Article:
A pair of videos from Statoil, the Norwegian state oil company, on building their first operational floating wind farm. You lose nothing by muting the awful muzak soundtracks.
Moving the underwater spars from Spain to Norway:
More interesting, mating the turbine to the foundation:
Statoil have had an experimental floating turbine operating for a while. This is the first proper wind farm, to be installed off Scotland, not far from the golf course Trump has been vainly trying to protect from visual pollution by similar nasty things. The farm is small by current offshore standards, only five turbines. But they are full size, 6 MW each. This is at the lower end of the current offshore size range, which goes up to 8 MW. Vestas’ latest model is 9.5 MW. Onshore turbines stop at around a third of that, because of the logistics.
Even with such small numbers, Statoil are still getting economies of scale: the transport ship for the foundation spars carries two. The floating crane, the really expensive piece of gear, assembles the five turbines one after the other in a sheltered fjord, presumably in much less time than it would need to emplace the same number on fixed foundations.
The next step is to tow the turbines across the North Sea, secure them with chains in 90m of water, and connect up the power cables. These operations should take much less time than building fixed foundations.
Will it work? This does not give the impression of stuff that is badly thought out and knocked together Brummagem style. Floating platforms have been used in deep water offshore oil drilling for some time, and there is nothing radical about the concept. In heavy seas and high winds, the turbines will sway a little. So what? It’s usually safer to give a little to the elements.
Statoil has a fair number of rivals, using a wide range of foundation designs. These are big engineering or shipbuilding companies, garage startups need not apply. One example is the French company Ideol, based near Toulon. Bloomberg survey of the field here.
The question is not really whether this will work but whether it can be done pretty soon at a similar price to conventional offshore wind. This has generated an astonishing price drop in the past year: the latest Danish auction was won at €49.9/mwh, half the going rate a year ago. The floating pilot is surely expensive. I would bet that the pioneers are playing safe on the designs and with experience can find ways of doing them lighter and cheaper. Mass production of a few winning designs in sheltered harbours would allow much greater economies of scale.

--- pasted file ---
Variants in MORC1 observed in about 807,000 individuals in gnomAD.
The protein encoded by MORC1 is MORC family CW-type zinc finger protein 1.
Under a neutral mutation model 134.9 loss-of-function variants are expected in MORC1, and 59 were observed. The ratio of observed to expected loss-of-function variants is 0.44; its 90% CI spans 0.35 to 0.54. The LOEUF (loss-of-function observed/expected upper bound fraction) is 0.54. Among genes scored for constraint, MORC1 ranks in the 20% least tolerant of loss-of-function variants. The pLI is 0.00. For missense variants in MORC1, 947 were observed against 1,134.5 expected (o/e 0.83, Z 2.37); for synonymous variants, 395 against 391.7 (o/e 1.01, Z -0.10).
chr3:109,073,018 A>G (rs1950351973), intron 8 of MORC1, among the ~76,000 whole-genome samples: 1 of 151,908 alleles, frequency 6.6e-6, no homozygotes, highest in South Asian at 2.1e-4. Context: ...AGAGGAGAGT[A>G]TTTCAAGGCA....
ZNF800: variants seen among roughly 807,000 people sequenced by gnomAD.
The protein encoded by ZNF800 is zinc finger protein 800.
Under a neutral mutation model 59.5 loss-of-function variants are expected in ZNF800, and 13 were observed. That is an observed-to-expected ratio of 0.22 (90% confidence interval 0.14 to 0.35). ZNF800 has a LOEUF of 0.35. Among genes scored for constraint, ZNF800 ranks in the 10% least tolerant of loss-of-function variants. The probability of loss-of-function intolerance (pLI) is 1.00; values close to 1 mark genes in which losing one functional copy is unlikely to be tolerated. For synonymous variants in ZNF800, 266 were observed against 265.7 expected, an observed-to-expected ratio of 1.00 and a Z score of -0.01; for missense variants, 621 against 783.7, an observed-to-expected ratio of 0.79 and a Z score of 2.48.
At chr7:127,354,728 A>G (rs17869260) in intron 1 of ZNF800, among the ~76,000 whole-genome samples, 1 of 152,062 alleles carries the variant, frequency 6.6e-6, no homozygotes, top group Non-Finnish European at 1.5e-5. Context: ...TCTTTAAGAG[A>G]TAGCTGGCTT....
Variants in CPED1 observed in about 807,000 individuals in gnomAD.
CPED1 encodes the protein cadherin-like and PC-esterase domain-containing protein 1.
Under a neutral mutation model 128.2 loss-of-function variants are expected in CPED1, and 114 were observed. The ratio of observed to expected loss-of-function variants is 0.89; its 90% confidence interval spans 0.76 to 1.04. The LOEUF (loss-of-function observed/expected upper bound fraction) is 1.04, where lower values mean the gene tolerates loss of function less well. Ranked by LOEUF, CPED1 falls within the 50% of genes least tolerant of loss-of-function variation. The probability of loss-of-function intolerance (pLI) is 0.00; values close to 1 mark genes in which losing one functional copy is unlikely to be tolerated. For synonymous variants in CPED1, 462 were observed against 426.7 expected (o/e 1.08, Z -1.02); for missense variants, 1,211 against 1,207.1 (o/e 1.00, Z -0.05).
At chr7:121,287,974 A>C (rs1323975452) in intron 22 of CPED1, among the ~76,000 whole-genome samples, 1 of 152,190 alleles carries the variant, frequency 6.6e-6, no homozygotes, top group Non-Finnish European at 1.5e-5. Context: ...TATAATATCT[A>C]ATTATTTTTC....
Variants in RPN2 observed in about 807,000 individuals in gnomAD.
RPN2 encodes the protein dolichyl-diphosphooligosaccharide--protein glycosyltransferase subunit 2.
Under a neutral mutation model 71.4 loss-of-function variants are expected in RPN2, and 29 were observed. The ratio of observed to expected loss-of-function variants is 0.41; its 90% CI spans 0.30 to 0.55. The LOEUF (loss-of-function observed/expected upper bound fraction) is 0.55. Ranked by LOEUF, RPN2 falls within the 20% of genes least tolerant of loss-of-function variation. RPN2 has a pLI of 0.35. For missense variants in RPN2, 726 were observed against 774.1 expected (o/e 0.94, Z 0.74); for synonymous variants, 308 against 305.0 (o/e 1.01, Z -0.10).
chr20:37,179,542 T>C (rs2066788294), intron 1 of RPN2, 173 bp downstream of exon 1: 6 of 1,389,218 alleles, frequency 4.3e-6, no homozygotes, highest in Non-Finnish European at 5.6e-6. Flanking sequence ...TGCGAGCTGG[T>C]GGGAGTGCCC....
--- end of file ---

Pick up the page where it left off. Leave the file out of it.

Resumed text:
The potential market is big. Many coasts with dense populations have next to no shallow continental shelf. Virtually the whole Pacific coast of the Americas is like this, also the Pacific coast of Japan and most of the Mediterranean and the Black Sea. Floating foundations mean developers can pick the sites with the best wind resource, unconstrained by the seabed. Capacity factors should therefore be even higher than the common offshore 50%. They still need to keep fishermen away, a Good Thing for marine conservation. Area restriction works better than catch quotas, as it’s far easier to enforce and avoids the bycatch and over-catch problems.
California, from the Berkeley map library. Depths are presumably in feet.
We don’t strictly speaking need floating wind to secure the energy transition. Jacobson’s latest 100% renewable scenarios don’t count on it except for a few islands like Hawaii. Such penny-packet deployment won’t happen – either the technology is economic in many places or none. But every renewable technology that makes it from the speculative onto the really-works list adds an option and lowers the total cost. This one has the additional merit of offending Donald Trump. Something about the jaw-dropping size of these Big Dicks, perhaps?